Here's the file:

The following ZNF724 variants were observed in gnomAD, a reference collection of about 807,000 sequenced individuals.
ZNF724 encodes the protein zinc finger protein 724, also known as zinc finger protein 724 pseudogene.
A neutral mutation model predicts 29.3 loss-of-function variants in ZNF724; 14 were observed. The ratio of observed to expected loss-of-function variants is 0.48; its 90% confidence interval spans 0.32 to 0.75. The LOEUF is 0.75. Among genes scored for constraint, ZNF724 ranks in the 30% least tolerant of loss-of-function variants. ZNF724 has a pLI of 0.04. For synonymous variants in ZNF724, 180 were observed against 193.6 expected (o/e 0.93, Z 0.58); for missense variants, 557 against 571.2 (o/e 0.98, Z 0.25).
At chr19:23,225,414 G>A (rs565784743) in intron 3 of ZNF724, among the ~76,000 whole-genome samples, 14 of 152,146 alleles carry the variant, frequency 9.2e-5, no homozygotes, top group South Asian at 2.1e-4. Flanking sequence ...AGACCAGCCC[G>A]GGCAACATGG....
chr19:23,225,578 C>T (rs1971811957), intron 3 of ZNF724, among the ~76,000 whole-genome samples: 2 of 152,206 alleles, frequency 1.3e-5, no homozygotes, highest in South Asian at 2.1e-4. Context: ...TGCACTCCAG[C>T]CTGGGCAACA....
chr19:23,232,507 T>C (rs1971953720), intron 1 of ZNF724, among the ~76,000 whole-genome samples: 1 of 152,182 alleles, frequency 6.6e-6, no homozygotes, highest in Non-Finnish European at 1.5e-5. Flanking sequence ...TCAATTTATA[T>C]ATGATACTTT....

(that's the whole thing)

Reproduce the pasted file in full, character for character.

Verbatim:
The following ZNF724 variants were observed in gnomAD, a reference collection of about 807,000 sequenced individuals.
ZNF724 encodes the protein zinc finger protein 724, also known as zinc finger protein 724 pseudogene.
A neutral mutation model predicts 29.3 loss-of-function variants in ZNF724; 14 were observed. The ratio of observed to expected loss-of-function variants is 0.48; its 90% confidence interval spans 0.32 to 0.75. The LOEUF is 0.75. Among genes scored for constraint, ZNF724 ranks in the 30% least tolerant of loss-of-function variants. ZNF724 has a pLI of 0.04. For synonymous variants in ZNF724, 180 were observed against 193.6 expected (o/e 0.93, Z 0.58); for missense variants, 557 against 571.2 (o/e 0.98, Z 0.25).
At chr19:23,225,414 G>A (rs565784743) in intron 3 of ZNF724, among the ~76,000 whole-genome samples, 14 of 152,146 alleles carry the variant, frequency 9.2e-5, no homozygotes, top group South Asian at 2.1e-4. Flanking sequence ...AGACCAGCCC[G>A]GGCAACATGG....
chr19:23,225,578 C>T (rs1971811957), intron 3 of ZNF724, among the ~76,000 whole-genome samples: 2 of 152,206 alleles, frequency 1.3e-5, no homozygotes, highest in South Asian at 2.1e-4. Context: ...TGCACTCCAG[C>T]CTGGGCAACA....
chr19:23,232,507 T>C (rs1971953720), intron 1 of ZNF724, among the ~76,000 whole-genome samples: 1 of 152,182 alleles, frequency 6.6e-6, no homozygotes, highest in Non-Finnish European at 1.5e-5. Flanking sequence ...TCAATTTATA[T>C]ATGATACTTT....